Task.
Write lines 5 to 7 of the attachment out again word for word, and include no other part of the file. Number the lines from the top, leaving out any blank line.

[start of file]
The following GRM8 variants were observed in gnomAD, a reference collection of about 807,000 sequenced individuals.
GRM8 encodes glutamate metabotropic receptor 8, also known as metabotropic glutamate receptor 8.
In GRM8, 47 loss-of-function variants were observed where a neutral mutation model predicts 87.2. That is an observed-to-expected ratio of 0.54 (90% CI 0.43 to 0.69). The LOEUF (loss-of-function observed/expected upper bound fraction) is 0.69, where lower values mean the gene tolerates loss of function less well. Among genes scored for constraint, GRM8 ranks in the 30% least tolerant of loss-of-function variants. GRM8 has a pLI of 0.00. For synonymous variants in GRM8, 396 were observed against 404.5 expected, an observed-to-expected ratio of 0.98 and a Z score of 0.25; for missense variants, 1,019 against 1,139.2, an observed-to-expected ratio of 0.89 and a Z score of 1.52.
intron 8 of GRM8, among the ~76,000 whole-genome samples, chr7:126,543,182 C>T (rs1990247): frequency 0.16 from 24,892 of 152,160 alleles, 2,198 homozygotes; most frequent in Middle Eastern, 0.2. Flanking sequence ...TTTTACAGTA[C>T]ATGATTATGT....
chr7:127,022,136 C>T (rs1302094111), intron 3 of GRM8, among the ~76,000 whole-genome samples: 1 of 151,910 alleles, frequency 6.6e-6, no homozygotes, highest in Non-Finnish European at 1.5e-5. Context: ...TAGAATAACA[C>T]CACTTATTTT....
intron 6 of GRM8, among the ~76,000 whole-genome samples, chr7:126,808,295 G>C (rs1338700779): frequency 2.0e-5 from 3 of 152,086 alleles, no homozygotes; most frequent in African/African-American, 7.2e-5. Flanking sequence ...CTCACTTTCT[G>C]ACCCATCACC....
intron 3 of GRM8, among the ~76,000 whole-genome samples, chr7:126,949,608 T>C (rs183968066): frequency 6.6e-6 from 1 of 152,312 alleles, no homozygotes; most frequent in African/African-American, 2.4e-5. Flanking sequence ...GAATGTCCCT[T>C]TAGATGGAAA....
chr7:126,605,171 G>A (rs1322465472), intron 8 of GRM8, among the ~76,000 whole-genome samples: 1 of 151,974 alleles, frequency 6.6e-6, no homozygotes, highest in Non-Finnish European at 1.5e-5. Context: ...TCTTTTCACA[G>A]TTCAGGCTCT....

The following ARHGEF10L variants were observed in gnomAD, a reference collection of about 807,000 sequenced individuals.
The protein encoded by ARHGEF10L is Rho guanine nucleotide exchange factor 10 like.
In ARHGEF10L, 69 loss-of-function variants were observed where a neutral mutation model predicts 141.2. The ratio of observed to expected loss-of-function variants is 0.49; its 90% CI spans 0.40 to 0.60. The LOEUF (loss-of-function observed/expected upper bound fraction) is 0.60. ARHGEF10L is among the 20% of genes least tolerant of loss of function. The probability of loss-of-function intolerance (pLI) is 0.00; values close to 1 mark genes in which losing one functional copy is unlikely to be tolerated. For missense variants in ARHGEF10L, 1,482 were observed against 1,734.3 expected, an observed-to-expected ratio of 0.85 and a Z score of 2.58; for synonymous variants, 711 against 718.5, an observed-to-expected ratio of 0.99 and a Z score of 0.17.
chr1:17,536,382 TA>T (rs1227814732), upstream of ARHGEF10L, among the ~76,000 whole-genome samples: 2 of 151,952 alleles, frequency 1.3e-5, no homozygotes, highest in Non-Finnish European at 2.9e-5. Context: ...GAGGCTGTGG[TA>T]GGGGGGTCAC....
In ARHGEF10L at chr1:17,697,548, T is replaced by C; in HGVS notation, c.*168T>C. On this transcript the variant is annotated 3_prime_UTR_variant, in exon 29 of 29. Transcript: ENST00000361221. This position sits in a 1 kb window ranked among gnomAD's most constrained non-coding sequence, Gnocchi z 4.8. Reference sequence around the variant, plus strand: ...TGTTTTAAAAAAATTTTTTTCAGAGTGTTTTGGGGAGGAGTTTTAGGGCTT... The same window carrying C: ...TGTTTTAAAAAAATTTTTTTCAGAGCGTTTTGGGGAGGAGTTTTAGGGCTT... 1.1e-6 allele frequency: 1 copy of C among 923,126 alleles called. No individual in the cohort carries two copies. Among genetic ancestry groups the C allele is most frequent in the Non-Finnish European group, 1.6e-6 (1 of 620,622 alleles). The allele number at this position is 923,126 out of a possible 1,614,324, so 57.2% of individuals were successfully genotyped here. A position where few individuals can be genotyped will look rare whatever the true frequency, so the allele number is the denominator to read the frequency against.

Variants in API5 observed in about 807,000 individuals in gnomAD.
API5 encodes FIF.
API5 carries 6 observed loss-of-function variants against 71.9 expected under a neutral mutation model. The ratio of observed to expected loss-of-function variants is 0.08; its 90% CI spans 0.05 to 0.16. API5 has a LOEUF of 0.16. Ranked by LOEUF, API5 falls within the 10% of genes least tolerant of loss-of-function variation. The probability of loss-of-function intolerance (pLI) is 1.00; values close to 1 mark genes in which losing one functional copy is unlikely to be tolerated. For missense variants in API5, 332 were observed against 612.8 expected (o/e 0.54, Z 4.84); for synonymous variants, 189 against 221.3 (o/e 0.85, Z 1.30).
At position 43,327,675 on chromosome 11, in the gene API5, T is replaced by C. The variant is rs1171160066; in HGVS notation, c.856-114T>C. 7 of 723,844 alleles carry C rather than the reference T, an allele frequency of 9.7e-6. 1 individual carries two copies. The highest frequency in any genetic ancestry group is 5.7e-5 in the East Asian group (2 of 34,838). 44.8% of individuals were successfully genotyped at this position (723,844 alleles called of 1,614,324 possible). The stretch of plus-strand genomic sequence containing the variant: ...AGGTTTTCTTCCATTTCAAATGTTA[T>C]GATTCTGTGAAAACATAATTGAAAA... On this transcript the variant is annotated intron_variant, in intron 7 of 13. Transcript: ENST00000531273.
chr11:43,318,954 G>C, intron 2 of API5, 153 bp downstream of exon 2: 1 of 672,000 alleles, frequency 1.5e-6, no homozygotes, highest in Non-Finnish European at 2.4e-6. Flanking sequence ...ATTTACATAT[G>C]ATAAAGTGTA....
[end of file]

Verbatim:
chr7:127,022,136 C>T (rs1302094111), intron 3 of GRM8, among the ~76,000 whole-genome samples: 1 of 151,910 alleles, frequency 6.6e-6, no homozygotes, highest in Non-Finnish European at 1.5e-5. Context: ...TAGAATAACA[C>T]CACTTATTTT....
intron 6 of GRM8, among the ~76,000 whole-genome samples, chr7:126,808,295 G>C (rs1338700779): frequency 2.0e-5 from 3 of 152,086 alleles, no homozygotes; most frequent in African/African-American, 7.2e-5. Flanking sequence ...CTCACTTTCT[G>C]ACCCATCACC....
intron 3 of GRM8, among the ~76,000 whole-genome samples, chr7:126,949,608 T>C (rs183968066): frequency 6.6e-6 from 1 of 152,312 alleles, no homozygotes; most frequent in African/African-American, 2.4e-5. Flanking sequence ...GAATGTCCCT[T>C]TAGATGGAAA....